Then there's that Adobe Flash thing. Steve Jobs hates it, so it's not on the iPad 2. Flash is available for Android OS 2.2 Froyo already, and the public release of Flash 10.2 for honeycomb happens this Friday. We installed the early release that's floating around the Net and it works quite well (though we couldn't get the controls to work for switching video resolution). We demo this in our video. It's not quite an HTML5 world yet, and we hate it when we see holes in web pages in Safari where some Flash content is hiding. We know some of you like to play Flash games too.
How about the app story? The Motorola Xoom is afraid to even enter the ring because it has a few hundred tablet/Honeycomb optimized apps to choose from, while the iPad 2 has 65,000. Ouch. But Honeycomb hasn't even been out a month yet, while the iPad has been out almost a year--not a fair fight yet. I expect to see thousands of Honeycomb apps on the Android Market in 6 months to a year. But that doesn't help you now, does it? If you're an app junky or play tier 1 3D games, the iPad 2 is the way to go, at least for 2011. Once the Android apps are out, they'll be mostly identical to their iPad counterparts (see our video comparison with CNN for tablets running on both platforms).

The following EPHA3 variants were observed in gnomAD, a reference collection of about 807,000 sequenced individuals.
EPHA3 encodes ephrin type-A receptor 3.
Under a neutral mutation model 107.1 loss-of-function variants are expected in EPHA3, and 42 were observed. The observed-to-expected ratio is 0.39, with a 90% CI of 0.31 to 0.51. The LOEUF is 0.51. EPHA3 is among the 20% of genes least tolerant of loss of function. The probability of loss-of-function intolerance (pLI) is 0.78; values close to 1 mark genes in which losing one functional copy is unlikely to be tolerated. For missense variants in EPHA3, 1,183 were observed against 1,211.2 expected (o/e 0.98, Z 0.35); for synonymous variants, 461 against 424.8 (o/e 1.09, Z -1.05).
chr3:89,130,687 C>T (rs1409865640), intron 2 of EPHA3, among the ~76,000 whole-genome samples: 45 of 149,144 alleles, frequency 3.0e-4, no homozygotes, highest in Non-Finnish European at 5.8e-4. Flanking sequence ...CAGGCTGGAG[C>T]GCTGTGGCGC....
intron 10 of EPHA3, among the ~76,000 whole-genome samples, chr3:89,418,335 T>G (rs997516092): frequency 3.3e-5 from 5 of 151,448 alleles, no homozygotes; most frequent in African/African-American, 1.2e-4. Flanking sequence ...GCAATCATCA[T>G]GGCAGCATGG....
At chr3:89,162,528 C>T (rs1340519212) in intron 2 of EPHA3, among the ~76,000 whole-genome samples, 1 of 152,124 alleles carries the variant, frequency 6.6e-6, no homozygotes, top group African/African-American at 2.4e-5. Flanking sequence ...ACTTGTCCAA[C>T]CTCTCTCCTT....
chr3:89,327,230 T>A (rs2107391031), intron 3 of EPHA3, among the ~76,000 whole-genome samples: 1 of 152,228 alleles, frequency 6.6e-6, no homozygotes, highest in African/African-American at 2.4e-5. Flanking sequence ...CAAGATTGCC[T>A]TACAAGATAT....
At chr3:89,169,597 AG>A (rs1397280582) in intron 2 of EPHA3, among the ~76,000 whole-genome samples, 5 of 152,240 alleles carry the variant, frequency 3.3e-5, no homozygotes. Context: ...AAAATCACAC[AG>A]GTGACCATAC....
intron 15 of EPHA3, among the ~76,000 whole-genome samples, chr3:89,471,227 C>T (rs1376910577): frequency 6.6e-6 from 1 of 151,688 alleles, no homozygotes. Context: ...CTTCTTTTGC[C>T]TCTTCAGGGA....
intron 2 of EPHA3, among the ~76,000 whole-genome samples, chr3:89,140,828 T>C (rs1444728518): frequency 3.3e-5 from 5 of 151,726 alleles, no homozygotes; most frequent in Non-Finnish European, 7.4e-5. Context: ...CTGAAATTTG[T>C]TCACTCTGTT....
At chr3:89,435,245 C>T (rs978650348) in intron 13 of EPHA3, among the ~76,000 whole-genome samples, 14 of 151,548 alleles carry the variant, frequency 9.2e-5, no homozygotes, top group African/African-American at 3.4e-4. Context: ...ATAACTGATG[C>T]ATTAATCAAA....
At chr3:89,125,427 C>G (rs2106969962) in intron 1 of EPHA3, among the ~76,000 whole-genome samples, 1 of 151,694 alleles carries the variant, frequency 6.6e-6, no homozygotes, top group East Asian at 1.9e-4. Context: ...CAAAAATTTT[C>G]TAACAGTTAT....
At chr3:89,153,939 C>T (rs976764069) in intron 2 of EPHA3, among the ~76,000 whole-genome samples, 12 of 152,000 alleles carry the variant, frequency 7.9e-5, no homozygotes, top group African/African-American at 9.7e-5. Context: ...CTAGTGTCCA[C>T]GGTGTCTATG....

In terms of speed, they're both very fast with extremely capable hardware the exceeds the demands of current applications. You can argue that the Xoom's Tegra 2 computes Pi more quickly than the A5 used in the iPad 2, or say that Open GL renders 4x faster than the original iPad on the iPad 2 but only 2x quicker on the Xoom. But honestly, for the software titles we'll see in the next year, both are more than capable of handling anything developers throw at them.